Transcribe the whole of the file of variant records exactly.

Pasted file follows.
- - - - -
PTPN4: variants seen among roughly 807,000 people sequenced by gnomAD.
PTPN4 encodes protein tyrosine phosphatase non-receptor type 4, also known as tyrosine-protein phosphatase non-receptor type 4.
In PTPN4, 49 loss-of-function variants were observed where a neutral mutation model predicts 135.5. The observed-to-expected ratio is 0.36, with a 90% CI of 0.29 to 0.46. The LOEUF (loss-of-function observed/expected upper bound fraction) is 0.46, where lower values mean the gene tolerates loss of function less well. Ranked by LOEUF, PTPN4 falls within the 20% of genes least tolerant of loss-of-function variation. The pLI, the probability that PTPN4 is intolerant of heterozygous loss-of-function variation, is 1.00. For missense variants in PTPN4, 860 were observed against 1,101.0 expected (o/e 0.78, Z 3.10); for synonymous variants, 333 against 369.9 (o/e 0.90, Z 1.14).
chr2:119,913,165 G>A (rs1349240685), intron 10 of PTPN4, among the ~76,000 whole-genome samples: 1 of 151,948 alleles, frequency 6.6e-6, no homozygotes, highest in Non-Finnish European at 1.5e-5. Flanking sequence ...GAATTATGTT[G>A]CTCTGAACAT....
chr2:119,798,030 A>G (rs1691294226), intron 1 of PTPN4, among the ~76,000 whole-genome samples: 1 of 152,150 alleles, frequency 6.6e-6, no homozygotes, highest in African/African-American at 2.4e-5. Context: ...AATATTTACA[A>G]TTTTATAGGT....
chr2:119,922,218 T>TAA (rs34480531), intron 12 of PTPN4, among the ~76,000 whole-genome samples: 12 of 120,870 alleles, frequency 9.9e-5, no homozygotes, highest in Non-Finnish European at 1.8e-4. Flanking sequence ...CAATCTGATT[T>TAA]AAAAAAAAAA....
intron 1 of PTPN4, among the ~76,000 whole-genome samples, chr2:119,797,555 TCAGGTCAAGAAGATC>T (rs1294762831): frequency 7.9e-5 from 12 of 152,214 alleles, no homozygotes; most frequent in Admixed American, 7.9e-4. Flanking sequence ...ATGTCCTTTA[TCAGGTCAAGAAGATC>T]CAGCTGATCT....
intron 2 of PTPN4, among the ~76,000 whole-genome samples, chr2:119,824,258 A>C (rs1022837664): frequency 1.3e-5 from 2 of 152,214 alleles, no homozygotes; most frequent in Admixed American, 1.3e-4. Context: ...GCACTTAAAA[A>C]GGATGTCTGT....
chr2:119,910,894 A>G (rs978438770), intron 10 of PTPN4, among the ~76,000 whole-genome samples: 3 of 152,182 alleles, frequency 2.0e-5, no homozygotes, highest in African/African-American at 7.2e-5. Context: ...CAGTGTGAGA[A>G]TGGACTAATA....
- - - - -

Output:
PTPN4: variants seen among roughly 807,000 people sequenced by gnomAD.
PTPN4 encodes protein tyrosine phosphatase non-receptor type 4, also known as tyrosine-protein phosphatase non-receptor type 4.
In PTPN4, 49 loss-of-function variants were observed where a neutral mutation model predicts 135.5. The observed-to-expected ratio is 0.36, with a 90% CI of 0.29 to 0.46. The LOEUF (loss-of-function observed/expected upper bound fraction) is 0.46, where lower values mean the gene tolerates loss of function less well. Ranked by LOEUF, PTPN4 falls within the 20% of genes least tolerant of loss-of-function variation. The pLI, the probability that PTPN4 is intolerant of heterozygous loss-of-function variation, is 1.00. For missense variants in PTPN4, 860 were observed against 1,101.0 expected (o/e 0.78, Z 3.10); for synonymous variants, 333 against 369.9 (o/e 0.90, Z 1.14).
chr2:119,913,165 G>A (rs1349240685), intron 10 of PTPN4, among the ~76,000 whole-genome samples: 1 of 151,948 alleles, frequency 6.6e-6, no homozygotes, highest in Non-Finnish European at 1.5e-5. Flanking sequence ...GAATTATGTT[G>A]CTCTGAACAT....
chr2:119,798,030 A>G (rs1691294226), intron 1 of PTPN4, among the ~76,000 whole-genome samples: 1 of 152,150 alleles, frequency 6.6e-6, no homozygotes, highest in African/African-American at 2.4e-5. Context: ...AATATTTACA[A>G]TTTTATAGGT....
chr2:119,922,218 T>TAA (rs34480531), intron 12 of PTPN4, among the ~76,000 whole-genome samples: 12 of 120,870 alleles, frequency 9.9e-5, no homozygotes, highest in Non-Finnish European at 1.8e-4. Flanking sequence ...CAATCTGATT[T>TAA]AAAAAAAAAA....
intron 1 of PTPN4, among the ~76,000 whole-genome samples, chr2:119,797,555 TCAGGTCAAGAAGATC>T (rs1294762831): frequency 7.9e-5 from 12 of 152,214 alleles, no homozygotes; most frequent in Admixed American, 7.9e-4. Flanking sequence ...ATGTCCTTTA[TCAGGTCAAGAAGATC>T]CAGCTGATCT....
intron 2 of PTPN4, among the ~76,000 whole-genome samples, chr2:119,824,258 A>C (rs1022837664): frequency 1.3e-5 from 2 of 152,214 alleles, no homozygotes; most frequent in Admixed American, 1.3e-4. Context: ...GCACTTAAAA[A>C]GGATGTCTGT....
chr2:119,910,894 A>G (rs978438770), intron 10 of PTPN4, among the ~76,000 whole-genome samples: 3 of 152,182 alleles, frequency 2.0e-5, no homozygotes, highest in African/African-American at 7.2e-5. Context: ...CAGTGTGAGA[A>G]TGGACTAATA....